For several years, employers operated in an area of uncertainty with respect to whether they could require employees to keep a workplace investigation confidential while it was ongoing. This was due to the fact the National Labor Relations Board (NLRB) took the position that employers who mandated such a requirement violated labor law. Thankfully, the NLRB backed off this position at the end of last year, and a newly released advice memo from the agency shows that the reversal had been in the works for some time.
The memo is dated May 2019, but it was not publicly released by the NLRB until January 2020. At issue was a company that allegedly violated the National Labor Relations Act by maintaining a rule prohibiting employees from disclosing information about any ongoing workplace investigations. The NLRB’s Office of the General Counsel noted the requirement was unlawful under current Board law, but it went on to say that it believed prior Board precedent on this point should be overturned. That is, it effectively foreshadowed the reversal we saw months later at the conclusion 2019.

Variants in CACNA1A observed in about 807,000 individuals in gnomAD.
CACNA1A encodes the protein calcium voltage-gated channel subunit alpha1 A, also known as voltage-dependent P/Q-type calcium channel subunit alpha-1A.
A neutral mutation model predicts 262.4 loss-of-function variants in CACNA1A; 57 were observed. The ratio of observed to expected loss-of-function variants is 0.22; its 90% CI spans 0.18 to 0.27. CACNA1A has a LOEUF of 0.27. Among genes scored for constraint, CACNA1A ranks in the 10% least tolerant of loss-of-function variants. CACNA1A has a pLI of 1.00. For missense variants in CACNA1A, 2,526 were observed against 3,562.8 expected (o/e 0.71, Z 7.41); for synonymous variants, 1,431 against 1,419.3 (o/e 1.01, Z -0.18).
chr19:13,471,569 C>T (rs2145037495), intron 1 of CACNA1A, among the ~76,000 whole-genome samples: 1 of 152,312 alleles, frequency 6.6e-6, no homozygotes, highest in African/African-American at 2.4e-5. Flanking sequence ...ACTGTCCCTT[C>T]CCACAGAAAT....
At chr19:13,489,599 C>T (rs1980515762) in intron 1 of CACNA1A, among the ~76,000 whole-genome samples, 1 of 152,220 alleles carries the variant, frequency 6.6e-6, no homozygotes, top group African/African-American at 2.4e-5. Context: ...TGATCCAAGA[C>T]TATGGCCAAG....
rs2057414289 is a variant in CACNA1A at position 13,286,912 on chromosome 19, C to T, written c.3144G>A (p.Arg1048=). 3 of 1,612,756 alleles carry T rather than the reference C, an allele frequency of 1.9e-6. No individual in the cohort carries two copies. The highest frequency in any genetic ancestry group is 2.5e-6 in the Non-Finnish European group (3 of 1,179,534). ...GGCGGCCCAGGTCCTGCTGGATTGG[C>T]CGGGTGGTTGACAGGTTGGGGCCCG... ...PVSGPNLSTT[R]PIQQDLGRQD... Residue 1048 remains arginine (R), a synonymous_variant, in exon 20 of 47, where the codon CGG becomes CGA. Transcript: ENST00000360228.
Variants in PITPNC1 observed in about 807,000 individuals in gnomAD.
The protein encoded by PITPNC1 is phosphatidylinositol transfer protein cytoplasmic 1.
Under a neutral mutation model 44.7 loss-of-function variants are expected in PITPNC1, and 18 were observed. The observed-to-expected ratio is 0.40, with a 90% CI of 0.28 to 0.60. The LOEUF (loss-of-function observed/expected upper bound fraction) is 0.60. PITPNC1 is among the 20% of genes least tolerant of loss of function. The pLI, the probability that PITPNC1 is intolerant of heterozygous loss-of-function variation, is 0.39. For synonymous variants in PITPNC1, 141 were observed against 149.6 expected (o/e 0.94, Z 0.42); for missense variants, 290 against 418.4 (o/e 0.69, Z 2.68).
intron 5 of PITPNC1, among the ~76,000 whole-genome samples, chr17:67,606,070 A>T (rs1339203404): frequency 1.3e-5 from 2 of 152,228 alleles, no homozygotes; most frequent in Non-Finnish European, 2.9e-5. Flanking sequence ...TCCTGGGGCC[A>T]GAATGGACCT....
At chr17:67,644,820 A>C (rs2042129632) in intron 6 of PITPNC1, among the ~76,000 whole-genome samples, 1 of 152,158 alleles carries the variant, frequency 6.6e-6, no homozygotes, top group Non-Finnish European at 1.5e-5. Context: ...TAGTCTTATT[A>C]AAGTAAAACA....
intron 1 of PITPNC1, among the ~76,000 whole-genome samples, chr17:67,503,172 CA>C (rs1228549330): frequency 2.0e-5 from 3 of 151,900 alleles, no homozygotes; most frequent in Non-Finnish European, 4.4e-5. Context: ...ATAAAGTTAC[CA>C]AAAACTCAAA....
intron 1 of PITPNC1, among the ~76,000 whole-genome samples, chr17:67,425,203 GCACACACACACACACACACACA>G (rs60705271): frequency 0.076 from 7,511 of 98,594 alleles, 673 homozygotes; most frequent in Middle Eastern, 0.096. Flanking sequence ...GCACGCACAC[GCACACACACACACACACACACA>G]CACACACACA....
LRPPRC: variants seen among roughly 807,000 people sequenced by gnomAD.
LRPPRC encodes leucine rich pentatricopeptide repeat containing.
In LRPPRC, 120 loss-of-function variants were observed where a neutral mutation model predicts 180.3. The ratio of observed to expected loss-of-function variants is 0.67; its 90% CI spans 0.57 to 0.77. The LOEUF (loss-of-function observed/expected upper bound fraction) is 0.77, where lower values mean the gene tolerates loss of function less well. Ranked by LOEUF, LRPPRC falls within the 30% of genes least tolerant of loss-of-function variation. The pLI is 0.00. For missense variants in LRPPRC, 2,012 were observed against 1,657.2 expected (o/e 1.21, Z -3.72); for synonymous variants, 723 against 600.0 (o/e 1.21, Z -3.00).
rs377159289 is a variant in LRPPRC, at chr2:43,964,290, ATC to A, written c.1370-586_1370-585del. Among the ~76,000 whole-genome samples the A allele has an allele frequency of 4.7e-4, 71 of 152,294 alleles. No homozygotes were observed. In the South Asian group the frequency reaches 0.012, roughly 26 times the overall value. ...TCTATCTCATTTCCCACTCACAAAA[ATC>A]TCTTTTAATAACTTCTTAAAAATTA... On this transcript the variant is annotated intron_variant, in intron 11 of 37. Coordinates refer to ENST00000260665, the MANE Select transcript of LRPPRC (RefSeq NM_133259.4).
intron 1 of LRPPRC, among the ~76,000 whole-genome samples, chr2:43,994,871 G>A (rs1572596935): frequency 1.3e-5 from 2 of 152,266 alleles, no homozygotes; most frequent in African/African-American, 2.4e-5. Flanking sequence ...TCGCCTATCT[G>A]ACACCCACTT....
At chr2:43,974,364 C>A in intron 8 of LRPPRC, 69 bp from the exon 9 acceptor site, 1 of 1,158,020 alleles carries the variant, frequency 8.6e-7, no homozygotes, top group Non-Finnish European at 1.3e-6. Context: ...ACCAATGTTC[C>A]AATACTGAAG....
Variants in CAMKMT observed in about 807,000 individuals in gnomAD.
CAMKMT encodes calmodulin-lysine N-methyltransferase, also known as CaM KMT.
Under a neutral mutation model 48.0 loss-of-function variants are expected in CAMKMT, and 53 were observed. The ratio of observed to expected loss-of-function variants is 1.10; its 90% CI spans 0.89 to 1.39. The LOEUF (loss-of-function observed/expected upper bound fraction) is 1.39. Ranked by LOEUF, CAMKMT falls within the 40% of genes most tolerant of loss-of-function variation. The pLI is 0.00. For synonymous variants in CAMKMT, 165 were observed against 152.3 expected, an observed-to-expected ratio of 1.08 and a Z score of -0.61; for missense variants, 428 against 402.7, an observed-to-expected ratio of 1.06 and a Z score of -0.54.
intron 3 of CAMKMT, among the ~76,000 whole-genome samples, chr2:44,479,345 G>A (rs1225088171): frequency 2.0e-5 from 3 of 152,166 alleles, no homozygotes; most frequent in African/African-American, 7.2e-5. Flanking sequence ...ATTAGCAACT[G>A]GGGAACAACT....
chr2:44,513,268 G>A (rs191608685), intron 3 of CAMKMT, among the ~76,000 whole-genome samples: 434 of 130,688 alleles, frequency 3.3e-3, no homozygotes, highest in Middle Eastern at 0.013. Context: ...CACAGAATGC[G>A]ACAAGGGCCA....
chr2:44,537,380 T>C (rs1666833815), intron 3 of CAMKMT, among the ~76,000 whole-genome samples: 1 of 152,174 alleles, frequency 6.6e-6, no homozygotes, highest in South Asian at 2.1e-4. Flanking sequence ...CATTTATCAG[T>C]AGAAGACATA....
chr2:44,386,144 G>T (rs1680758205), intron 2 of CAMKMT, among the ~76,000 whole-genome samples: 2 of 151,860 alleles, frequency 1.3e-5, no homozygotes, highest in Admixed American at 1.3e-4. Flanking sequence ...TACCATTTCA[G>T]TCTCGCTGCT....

That companies can again generally require employees to keep workplace investigations confidential while they are pending is a huge development and “win” for employers. Management should keep this in mind as they charter their overall strategy and framework for investigations moving forward.